The largest RCT on botulinum toxin for treating sialorrhea in children with cerebral palsy was published in 2008 by Reid et al (Reid, 2008). Forty-eight children with cerebral palsy (n=31) and other neurologic disorders (n=17) were randomized to a single injection of botulinum toxin type A 25 U compared with no treatment. Drooling was assessed by using the Drooling Impact Scale. Scores differed significantly between groups at 1 month, and a beneficial effect of botulinum toxin injection remained at 6 months. Gonzalez et al (2017) reported the results of an RCT in which 40 adults with cerebral palsy were randomized to onabotulinumtoxinA or observation (Gonzalez, 2017). The trial had greater than 80% power to detect a 39% difference in the proportion of patients who achieve at least a 50% reduction in drooling quotient. The primary efficacy outcome was drooling quotient. This quotient, measured as a proportion, is a semi-quantitative method that assesses the presence of newly formed saliva on the lips every 15 seconds with 40 observations in 10 minutes, expressed as a percentage based on the ratio between the number of observed drooling episodes and the total number of observations. The proportion of patients who achieved at least a 50% reduction in drooling quotient in the treated group vs control after 8 weeks and 80 weeks was 45% vs 0.0% (p=0.001) and 20% vs 0% (p=0.106). While the treatment effect was large, the trial did not use a placebo group and was unblinded.
 
A 2013 retrospective review focused on the long-term safety of botulinum toxin type A injection for treating sialorrhea in children (Chan, 2013). Reviewers included 69 children; 47 (68%) had cerebral palsy. Children received their first injection of botulinum toxin type A at a mean age of 9.9 years; mean follow-up was 3.1 years. During the study period, the children received a total of 120 botulinum toxin injections. Complications occurred in 19 (28%) of 69 children and in 23 (19%) of 120 injections. Fifteen of 23 complications were minor, including 6 cases of dysphagia. There were 8 major complications: 3 cases of aspiration pneumonia, 2 cases of severe dysphagia, and 3 cases of loss of motor control of the head. Complications were associated with 5 hospitalizations and 2 cases of nasogastric tube placement.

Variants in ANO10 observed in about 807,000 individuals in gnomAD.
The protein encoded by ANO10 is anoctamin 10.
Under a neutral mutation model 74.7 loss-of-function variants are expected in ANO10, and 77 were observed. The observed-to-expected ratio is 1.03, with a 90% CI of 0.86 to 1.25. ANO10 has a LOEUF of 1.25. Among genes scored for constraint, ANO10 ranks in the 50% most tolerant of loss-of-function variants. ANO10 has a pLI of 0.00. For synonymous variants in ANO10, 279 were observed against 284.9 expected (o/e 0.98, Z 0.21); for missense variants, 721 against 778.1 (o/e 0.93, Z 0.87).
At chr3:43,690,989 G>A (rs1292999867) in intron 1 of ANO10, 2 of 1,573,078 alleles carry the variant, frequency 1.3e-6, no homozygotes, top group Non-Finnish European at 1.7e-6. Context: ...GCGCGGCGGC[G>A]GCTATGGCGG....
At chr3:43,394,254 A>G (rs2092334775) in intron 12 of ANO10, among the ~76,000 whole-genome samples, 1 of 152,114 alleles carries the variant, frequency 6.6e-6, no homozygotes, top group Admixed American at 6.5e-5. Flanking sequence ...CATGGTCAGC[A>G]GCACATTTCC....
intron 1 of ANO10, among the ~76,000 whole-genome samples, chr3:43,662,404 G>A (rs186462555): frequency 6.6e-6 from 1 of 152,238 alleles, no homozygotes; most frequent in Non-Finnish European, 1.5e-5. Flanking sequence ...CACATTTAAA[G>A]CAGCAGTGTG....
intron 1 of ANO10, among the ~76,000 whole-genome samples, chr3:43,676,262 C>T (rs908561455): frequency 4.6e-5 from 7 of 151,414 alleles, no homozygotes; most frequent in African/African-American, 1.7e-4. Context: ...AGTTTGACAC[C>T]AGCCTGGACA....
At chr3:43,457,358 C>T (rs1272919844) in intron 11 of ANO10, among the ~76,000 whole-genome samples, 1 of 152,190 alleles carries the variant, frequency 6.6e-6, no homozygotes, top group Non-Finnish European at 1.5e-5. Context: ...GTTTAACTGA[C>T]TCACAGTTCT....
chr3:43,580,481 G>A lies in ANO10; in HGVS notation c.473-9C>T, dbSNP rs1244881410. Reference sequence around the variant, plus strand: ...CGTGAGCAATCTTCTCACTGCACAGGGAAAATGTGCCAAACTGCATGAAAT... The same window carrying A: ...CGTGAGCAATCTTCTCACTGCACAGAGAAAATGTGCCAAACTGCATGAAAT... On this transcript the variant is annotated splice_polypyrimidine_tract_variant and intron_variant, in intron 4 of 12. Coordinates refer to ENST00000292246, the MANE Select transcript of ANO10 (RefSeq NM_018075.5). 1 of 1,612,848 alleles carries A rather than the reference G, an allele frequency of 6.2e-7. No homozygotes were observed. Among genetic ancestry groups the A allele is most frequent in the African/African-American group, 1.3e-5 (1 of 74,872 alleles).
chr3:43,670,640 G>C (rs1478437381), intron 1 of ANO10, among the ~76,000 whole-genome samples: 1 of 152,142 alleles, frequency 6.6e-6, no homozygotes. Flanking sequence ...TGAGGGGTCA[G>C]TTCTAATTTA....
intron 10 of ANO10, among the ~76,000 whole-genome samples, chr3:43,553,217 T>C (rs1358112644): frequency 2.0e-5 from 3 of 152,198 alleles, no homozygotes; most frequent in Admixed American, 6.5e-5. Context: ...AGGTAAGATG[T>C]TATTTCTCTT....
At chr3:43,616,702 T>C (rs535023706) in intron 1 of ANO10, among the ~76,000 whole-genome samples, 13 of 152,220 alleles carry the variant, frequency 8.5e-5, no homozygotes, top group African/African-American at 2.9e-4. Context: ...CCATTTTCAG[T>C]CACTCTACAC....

ANAL APPLICATIONS  
Internal Anal Sphincter Achalasia
Internal anal sphincter (IAS) achalasia is a defecation disorder in which the internal anal sphincter is unable to relax. Symptoms include severe constipation and soiling. A meta-analysis of studies on treatment of IAS achalasia was published in 2012 by Friedmacher and Puri (Friedmacher, 2012). Reviewers did not identify any RCTs of Botox treatment. Two prospective case series and 14 retrospective case series (total N=395 patients) of IAS achalasia were identified. Most patients (229/395 [58%]) in the series were treated with posterior IAS myectomy and 166 (42%) were treated with intrasphincteric botulinum toxin injection. A meta-analysis of data from the observational studies found that regular bowel movements were more frequent after myectomy (odds ratio [OR], 0.53; 95% CI, 0.29 to 0.99; p=0.04). Moreover, the rate of transient fecal incontinence was significantly higher after botulinum toxin injection (OR=0.07; 95% CI, 0.01 to 0.54; p<0.01) and the rate of subsequent surgical intervention was higher after botulinum toxin injection (OR=0.18; 95% CI, 0.07 to 0.44; p<0.001). Other outcomes, including continued use of laxatives or rectal enemas and overall complication rates, did not differ between treatments. Emile et al (2016) reported the results of a systematic review that included 7 studies comprising 189 patients with a follow-up period greater than 6 months in each of the individual studies (Emile, 2016). Of the 7 included studies, 2 were RCTs and remaining were comparative and observational studies. Both RCTs were single site from the same author group and conducted in Egypt, enrolling 15 and 24 patients, respectively (Farid, 2009; Farid, 2009). Improvement was defined as patients returning to their normal habits. The first RCT used biofeedback and the other used surgery as the comparator. In the first RCT, 50% of individuals in the biofeedback group reported improvement initially at 1 month but it dropped down to 25% by the end of year. The respective proportions of patients in the botulinum toxin arm were 70.8% and 33.3%. In the second RCT, surgery led to improved outcomes in all patients at 1 month but that percentage dropped to 66.6% at 1 year. The respective proportions of patients in the botulinum toxin arm were 87% and 40%. While these results suggest temporary improvement, methodologic limitations, including small sample size, lack of blinded assessment, and use of validated outcome measure, limit the interpretation of these RCTs.
 
Anal Fissure
Chronic anal fissure is a tear in the lower half of the anal canal that is maintained by contraction of the IAS and is treated surgically with an internal sphincterotomy. Because the anal sphincter contraction could be characterized as a dystonia, botulinum toxin is a logical medical approach.